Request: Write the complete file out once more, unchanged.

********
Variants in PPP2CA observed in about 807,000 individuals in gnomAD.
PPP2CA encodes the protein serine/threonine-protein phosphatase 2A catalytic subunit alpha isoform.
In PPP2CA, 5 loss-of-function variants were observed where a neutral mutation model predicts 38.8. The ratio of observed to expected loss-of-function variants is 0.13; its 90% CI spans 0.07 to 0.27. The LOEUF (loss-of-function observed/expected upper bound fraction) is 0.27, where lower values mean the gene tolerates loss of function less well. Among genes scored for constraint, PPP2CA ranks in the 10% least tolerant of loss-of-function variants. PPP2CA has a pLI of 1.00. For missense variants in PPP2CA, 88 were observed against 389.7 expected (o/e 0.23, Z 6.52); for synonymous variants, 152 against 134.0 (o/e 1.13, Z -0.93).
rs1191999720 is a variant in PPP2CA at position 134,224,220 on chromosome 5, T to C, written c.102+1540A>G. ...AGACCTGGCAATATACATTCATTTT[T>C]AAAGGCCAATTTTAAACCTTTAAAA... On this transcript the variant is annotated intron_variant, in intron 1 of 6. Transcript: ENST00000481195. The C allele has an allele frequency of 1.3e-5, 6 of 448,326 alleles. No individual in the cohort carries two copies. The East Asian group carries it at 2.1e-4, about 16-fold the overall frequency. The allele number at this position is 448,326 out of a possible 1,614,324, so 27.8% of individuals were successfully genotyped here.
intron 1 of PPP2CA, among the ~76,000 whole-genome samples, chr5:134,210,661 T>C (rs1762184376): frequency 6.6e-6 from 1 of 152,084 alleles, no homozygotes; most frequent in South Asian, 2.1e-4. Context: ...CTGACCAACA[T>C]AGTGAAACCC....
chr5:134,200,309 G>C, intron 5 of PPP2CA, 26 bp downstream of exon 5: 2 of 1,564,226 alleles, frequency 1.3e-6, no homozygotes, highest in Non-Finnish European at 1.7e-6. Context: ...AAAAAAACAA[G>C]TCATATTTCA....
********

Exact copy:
Variants in PPP2CA observed in about 807,000 individuals in gnomAD.
PPP2CA encodes the protein serine/threonine-protein phosphatase 2A catalytic subunit alpha isoform.
In PPP2CA, 5 loss-of-function variants were observed where a neutral mutation model predicts 38.8. The ratio of observed to expected loss-of-function variants is 0.13; its 90% CI spans 0.07 to 0.27. The LOEUF (loss-of-function observed/expected upper bound fraction) is 0.27, where lower values mean the gene tolerates loss of function less well. Among genes scored for constraint, PPP2CA ranks in the 10% least tolerant of loss-of-function variants. PPP2CA has a pLI of 1.00. For missense variants in PPP2CA, 88 were observed against 389.7 expected (o/e 0.23, Z 6.52); for synonymous variants, 152 against 134.0 (o/e 1.13, Z -0.93).
rs1191999720 is a variant in PPP2CA at position 134,224,220 on chromosome 5, T to C, written c.102+1540A>G. ...AGACCTGGCAATATACATTCATTTT[T>C]AAAGGCCAATTTTAAACCTTTAAAA... On this transcript the variant is annotated intron_variant, in intron 1 of 6. Transcript: ENST00000481195. The C allele has an allele frequency of 1.3e-5, 6 of 448,326 alleles. No individual in the cohort carries two copies. The East Asian group carries it at 2.1e-4, about 16-fold the overall frequency. The allele number at this position is 448,326 out of a possible 1,614,324, so 27.8% of individuals were successfully genotyped here.
intron 1 of PPP2CA, among the ~76,000 whole-genome samples, chr5:134,210,661 T>C (rs1762184376): frequency 6.6e-6 from 1 of 152,084 alleles, no homozygotes; most frequent in South Asian, 2.1e-4. Context: ...CTGACCAACA[T>C]AGTGAAACCC....
chr5:134,200,309 G>C, intron 5 of PPP2CA, 26 bp downstream of exon 5: 2 of 1,564,226 alleles, frequency 1.3e-6, no homozygotes, highest in Non-Finnish European at 1.7e-6. Context: ...AAAAAAACAA[G>C]TCATATTTCA....